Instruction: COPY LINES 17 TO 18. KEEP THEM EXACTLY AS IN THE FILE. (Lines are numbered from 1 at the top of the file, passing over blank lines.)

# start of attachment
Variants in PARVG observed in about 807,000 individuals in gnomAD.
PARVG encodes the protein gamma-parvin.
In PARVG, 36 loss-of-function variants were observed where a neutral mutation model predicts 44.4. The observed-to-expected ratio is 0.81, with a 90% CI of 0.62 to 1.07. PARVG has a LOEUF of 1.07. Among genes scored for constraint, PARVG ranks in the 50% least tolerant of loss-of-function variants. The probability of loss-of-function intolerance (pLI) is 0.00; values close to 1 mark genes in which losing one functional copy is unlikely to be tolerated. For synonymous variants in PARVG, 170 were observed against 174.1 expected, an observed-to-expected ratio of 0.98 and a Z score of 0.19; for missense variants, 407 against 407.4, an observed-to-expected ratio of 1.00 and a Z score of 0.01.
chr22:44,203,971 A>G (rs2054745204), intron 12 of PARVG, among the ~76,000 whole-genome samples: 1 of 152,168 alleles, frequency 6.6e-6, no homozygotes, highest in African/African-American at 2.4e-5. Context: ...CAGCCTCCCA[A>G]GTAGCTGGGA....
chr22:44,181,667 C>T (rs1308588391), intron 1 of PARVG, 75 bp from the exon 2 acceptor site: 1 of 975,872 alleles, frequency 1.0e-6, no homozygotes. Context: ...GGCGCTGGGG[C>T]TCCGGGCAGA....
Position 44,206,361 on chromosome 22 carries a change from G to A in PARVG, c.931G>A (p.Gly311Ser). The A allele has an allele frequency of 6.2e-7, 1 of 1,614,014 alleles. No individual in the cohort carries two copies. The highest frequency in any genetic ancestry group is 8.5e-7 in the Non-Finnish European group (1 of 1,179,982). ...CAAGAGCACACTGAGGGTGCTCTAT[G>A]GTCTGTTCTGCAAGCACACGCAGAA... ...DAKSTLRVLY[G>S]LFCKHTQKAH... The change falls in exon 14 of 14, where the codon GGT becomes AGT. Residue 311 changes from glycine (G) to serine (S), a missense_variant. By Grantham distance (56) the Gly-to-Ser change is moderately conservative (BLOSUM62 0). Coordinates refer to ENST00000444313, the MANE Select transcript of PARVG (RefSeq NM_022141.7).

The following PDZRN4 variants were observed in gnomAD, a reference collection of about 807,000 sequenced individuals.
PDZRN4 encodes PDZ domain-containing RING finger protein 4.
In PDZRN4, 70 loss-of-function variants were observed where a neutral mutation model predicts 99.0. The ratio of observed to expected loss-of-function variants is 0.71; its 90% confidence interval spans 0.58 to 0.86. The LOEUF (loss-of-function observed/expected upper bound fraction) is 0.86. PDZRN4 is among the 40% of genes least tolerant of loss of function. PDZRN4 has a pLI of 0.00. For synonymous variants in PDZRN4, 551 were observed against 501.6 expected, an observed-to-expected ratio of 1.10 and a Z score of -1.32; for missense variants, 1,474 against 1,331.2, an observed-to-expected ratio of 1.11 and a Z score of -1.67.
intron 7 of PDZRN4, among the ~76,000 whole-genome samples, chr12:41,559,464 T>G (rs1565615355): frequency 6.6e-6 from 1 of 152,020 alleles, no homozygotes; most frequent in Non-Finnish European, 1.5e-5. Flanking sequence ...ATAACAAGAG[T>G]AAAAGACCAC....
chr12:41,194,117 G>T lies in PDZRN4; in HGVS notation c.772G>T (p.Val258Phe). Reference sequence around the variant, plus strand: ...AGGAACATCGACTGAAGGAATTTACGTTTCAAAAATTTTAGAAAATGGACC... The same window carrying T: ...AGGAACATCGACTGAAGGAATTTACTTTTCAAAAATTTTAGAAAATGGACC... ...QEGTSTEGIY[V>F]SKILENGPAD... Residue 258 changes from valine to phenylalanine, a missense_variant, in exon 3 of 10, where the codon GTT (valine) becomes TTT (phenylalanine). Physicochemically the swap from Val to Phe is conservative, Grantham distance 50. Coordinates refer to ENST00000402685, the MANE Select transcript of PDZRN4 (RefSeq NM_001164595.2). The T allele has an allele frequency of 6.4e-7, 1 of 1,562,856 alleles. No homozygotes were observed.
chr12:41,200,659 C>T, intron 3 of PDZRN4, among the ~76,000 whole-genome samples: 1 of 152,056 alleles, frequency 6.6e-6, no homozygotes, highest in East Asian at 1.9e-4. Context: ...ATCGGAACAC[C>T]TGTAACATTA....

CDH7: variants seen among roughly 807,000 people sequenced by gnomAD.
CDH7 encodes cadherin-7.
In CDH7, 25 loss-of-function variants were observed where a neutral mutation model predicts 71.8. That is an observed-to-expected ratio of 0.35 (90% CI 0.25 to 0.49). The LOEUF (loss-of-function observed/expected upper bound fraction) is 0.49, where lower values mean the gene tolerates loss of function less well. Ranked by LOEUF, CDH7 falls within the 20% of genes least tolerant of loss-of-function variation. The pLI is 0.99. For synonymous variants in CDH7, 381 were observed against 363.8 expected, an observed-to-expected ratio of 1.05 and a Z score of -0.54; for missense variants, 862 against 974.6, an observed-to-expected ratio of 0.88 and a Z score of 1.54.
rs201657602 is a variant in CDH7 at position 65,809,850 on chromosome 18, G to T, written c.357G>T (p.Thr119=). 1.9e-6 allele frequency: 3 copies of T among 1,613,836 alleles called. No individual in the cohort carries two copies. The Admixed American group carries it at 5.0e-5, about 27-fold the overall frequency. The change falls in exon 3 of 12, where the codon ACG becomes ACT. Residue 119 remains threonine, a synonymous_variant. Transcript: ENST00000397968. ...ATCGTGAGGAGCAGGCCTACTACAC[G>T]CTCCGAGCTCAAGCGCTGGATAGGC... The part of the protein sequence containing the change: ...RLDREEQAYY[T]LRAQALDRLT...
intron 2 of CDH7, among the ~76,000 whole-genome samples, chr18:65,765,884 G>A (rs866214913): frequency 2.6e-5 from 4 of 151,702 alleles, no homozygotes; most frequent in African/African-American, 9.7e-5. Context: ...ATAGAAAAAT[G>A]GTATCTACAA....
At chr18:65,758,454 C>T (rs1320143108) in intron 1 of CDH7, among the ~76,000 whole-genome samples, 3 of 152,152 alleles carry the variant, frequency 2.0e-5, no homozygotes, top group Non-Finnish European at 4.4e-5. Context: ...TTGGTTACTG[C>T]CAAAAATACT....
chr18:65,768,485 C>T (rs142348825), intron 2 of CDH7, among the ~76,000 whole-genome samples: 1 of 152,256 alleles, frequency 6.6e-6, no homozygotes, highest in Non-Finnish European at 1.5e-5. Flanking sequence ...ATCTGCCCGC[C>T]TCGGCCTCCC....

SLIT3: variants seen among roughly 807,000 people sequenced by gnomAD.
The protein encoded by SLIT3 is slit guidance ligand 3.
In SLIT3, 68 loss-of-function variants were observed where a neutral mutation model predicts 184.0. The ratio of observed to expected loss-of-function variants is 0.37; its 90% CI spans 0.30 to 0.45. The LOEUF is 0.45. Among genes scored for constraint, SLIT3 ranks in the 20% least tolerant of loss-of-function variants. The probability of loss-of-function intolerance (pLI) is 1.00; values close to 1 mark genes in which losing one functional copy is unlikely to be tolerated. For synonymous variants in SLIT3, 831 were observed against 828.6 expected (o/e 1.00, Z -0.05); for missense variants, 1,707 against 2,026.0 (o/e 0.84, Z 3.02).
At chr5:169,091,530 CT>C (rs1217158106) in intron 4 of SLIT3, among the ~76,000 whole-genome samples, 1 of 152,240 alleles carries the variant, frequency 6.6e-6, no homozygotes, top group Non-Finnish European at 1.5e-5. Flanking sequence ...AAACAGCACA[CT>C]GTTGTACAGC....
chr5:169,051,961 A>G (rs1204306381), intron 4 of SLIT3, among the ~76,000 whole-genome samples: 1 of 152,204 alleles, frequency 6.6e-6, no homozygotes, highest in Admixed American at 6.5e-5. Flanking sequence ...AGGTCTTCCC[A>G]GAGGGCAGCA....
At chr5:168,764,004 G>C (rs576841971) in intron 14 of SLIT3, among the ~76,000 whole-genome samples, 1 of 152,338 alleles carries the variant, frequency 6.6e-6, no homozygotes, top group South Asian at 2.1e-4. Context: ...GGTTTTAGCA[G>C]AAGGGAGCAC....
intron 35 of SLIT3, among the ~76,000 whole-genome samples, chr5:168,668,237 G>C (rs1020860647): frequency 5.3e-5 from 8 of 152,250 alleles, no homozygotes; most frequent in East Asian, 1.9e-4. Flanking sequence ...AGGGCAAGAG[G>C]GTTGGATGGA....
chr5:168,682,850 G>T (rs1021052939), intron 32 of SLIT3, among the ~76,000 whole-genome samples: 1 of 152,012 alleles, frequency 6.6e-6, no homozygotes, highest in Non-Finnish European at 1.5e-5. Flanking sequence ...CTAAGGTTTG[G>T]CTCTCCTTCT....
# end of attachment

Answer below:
intron 2 of CDH7, among the ~76,000 whole-genome samples, chr18:65,765,884 G>A (rs866214913): frequency 2.6e-5 from 4 of 151,702 alleles, no homozygotes; most frequent in African/African-American, 9.7e-5. Context: ...ATAGAAAAAT[G>A]GTATCTACAA....
At chr18:65,758,454 C>T (rs1320143108) in intron 1 of CDH7, among the ~76,000 whole-genome samples, 3 of 152,152 alleles carry the variant, frequency 2.0e-5, no homozygotes, top group Non-Finnish European at 4.4e-5. Context: ...TTGGTTACTG[C>T]CAAAAATACT....